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you do realise the play-offs are on when the worlds are on yes?This is something that was not a factor for the Soviets.......we had the Canada cups at a time there was no excuse for you not to have your best players.if you did'nt bring them then there was a motive behind it,but it surely was'nt that you could'nt bring the best players like Canada at the worlds.Stop spouting untruths and accept reality. And then these teams have to go over and play the Soviets and czechs with a motley at the last second put together 2nd rate team on YOUR ice,with YOUR style of officiating(which was brutal) on YOUR home turf against YOUR best teams.What on earth do you mean we did'nt have to comply with the same realities as the Soviets at the canada cup?
Why are you talking as if I was a Russian? There's no 'you' between me and Russians. As I said I don't give a crap about the reason behind you not sending your best to the Worlds. You didn't and that's the end of it. I've not said anything bad about you not sending your best as I understand that the timing was bad but I just don't get how you could count your wins against inferior squads and not let the Russians count their wins against "inferior squads". It's double standards, choose one instead.

The Soviets didn't always have home ice, home refs and a home crowd like you make it out to be. That's the difference between the WC's and the CC.

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Originally Posted by cyclops View Post
.He'll.........we were doing it every year(not just every 4) under much more negative odds.
You've totally misread or mistunderstood me. When I'm saying that the Russians took on the challange I mean that they sent their best to compete on foreign ground with foreign rules which you never did at this time. You didn't take on the European challenge but the Soviets took on your challenge.

You created the negative odds by not sending your best players just as the Soviets did in the '76 CC.
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Originally Posted by cyclops View Post
You at least got to take your best players that played together as a group all year round!!
This is EXACTLY my point. You were going on and on about how the Soviets had all the right to send their best teams to the '76 CC but didn't so you canadians can take that victory with pride. You had the exact same right to send your best to the WC's but you didn't, and you're basically saying that the Soviets are always making such a big deal about it and shouldn't take it that seriously. That's pure double standards in my eyes.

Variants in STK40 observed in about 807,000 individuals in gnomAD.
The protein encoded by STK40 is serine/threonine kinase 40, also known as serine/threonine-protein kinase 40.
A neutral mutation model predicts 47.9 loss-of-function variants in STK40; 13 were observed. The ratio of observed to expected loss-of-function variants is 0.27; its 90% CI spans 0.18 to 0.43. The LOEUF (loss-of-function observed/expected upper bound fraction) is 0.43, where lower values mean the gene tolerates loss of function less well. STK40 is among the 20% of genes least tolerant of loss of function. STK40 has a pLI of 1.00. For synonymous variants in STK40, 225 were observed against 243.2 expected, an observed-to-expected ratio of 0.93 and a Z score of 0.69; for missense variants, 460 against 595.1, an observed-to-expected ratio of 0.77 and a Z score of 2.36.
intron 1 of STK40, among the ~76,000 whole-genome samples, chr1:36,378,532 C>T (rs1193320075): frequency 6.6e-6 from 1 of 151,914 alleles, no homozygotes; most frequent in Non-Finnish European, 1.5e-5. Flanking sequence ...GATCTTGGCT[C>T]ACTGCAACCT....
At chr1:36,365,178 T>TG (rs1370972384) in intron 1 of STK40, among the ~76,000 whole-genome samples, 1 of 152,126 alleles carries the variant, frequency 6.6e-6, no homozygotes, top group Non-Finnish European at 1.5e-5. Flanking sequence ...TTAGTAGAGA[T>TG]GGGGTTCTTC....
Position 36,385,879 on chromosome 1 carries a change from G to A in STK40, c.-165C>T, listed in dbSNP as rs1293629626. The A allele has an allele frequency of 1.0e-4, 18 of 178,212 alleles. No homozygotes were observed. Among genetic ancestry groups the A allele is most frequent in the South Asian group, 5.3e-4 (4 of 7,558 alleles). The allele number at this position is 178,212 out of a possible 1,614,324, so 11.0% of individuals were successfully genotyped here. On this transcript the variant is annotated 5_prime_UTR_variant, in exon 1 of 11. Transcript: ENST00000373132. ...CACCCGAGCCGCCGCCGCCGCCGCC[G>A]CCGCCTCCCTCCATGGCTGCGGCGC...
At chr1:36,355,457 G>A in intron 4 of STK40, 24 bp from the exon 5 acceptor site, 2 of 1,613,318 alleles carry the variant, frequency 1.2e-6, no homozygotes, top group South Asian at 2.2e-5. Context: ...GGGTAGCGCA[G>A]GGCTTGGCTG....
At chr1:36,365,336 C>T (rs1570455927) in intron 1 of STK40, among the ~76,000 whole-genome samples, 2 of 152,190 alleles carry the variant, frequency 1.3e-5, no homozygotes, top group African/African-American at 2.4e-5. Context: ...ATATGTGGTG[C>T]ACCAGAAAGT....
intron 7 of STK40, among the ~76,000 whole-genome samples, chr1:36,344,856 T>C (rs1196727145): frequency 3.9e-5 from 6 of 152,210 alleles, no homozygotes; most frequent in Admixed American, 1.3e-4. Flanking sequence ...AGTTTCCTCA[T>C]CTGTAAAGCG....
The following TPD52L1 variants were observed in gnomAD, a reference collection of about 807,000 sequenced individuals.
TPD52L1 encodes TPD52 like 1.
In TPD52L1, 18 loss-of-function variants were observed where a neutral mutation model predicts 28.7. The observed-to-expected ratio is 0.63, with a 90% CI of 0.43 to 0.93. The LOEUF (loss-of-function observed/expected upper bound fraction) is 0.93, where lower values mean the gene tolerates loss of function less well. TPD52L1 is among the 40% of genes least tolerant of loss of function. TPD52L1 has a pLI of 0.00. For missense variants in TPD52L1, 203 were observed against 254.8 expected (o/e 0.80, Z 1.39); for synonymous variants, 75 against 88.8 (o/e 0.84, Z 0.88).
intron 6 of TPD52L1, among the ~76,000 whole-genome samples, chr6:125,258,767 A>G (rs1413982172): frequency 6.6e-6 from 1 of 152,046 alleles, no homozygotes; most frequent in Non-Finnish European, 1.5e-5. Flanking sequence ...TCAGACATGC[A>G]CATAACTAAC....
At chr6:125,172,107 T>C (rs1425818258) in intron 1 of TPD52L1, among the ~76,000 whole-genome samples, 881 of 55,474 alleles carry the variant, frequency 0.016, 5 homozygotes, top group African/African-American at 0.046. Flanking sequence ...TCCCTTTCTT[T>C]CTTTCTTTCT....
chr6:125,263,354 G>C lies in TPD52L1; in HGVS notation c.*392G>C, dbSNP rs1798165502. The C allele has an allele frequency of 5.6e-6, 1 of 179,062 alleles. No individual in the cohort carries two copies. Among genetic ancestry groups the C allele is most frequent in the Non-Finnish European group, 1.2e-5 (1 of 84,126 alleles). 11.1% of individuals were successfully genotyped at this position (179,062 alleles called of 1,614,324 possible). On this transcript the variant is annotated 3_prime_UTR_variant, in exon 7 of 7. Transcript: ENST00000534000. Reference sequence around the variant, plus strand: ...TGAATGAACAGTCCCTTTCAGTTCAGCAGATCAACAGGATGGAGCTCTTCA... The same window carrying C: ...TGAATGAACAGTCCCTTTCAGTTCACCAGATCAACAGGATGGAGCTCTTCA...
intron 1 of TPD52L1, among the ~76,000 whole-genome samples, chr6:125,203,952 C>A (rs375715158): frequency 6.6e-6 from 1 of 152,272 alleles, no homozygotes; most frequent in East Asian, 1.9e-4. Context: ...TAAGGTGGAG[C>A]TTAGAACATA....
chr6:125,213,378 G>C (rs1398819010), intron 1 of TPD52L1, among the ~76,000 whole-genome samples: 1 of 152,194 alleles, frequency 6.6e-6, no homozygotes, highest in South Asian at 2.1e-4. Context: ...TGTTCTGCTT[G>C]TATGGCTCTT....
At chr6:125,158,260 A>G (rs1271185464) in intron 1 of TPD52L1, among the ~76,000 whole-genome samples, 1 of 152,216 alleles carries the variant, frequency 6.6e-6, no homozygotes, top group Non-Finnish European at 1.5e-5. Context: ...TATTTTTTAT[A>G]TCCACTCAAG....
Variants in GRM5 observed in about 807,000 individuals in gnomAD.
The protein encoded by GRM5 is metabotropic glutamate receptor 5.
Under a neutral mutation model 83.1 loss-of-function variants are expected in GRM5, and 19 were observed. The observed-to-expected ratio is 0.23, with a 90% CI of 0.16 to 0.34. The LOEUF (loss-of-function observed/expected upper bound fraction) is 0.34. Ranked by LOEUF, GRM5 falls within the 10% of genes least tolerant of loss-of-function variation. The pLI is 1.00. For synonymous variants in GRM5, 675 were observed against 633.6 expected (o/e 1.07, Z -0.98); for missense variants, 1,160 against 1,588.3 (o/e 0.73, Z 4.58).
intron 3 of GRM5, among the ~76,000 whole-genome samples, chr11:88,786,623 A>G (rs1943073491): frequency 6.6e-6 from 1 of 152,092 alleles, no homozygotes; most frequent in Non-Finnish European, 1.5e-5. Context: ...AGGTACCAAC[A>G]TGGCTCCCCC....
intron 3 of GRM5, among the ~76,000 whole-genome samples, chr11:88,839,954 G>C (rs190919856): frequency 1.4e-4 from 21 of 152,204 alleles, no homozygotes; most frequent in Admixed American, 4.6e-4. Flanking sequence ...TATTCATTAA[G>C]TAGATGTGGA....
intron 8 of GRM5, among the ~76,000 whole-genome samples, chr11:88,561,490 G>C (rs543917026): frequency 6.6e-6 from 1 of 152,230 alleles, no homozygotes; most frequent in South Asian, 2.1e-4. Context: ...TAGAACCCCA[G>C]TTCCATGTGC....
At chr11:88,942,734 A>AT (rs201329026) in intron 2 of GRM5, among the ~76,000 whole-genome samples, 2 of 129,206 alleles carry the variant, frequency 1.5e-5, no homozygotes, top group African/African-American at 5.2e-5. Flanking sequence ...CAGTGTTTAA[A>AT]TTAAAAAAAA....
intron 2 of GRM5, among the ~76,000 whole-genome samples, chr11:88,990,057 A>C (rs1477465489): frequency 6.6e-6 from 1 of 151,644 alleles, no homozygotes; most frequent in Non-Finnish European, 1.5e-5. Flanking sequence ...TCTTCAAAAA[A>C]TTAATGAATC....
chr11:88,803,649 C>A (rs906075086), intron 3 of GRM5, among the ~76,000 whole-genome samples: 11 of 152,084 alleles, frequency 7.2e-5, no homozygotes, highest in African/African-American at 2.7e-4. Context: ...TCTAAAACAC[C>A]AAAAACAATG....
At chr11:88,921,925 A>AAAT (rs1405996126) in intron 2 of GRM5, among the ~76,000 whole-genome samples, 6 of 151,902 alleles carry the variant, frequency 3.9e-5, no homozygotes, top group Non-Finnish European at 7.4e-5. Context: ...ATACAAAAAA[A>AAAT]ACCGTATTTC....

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Originally Posted by cyclops View Post
You're deluding yourself xplo. You do realise that since Russia has started to send their pros to the nhl and put teams together like Canada their results at the worlds have all dried up don't you? Since that has changed Russia has struggled over there.........Canada has won 4 times!!What's the problem then? you and everyone else knows what the problem is.I don't blame you for missing the old days but please don't cry about some terrible disadvantages at the Canada Cups,you had it MUCH better then us and Russian results in the modern era show that clearly.
What do you mean the Russians had it much better? If you're talking about the Worlds, then you're completely wrong. Canada had a bigger advantage in the CC than the Soviets and all other countries had on Canada in the WC's. Not because of you sending inferior squads, I'm not taking that into account, but because the teams in the WC's weren't always on home ice and didn't always have home refs and didn't always have home crowds. You did.

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Originally Posted by cyclops View Post
Now,to the final point.Is it outrageous to have a Soviet player top ten all time?.............nope.I'm not sure if there is a player from there ever worthy of top ten status but it's possible for sure. That's what i've been saying,it's your CANADA CUP WORK that is the reason i can say this,not the WORLDS.They were a farceical competition set up that gave you the best chance of winning each and every year without having to meet your toughest competition (Canada) with their best team.Can't you see this? When you sent your best teams to the Cups and Canada had their best teams ,these were the only times you were really challenged and could be truly judged.Forget the worlds, they say next to nothing.
Again, we're on the same page here. I just wanted to point out your double standards when it comes to the World Championships and the Canada Cup which makes you look like a total homer, which I personally think you've looked like since I joined this board.

You're going on and on about the Soviets not sending their best in '76 when they had all the right to do so. I'm just pointing out that it's basically the same thing as Canada not sending their best to the World Championships when they had all the right to do so. It's the Canadians not sending their best that made the World Championship meaningless, it would've been a much better gauge than the CC had you sent your best players.

Reminder of what got this discussion started which is what bugged me off:
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Originally Posted by cyclops View Post
They were invited to bring their best so theres no excuse and victory in that tournament can be looked upon by us with pride.Theres no honour in not accepting the challenge is there? and no honour for the fans in fluffing it off as not having their best team and penalizing Canada for it!!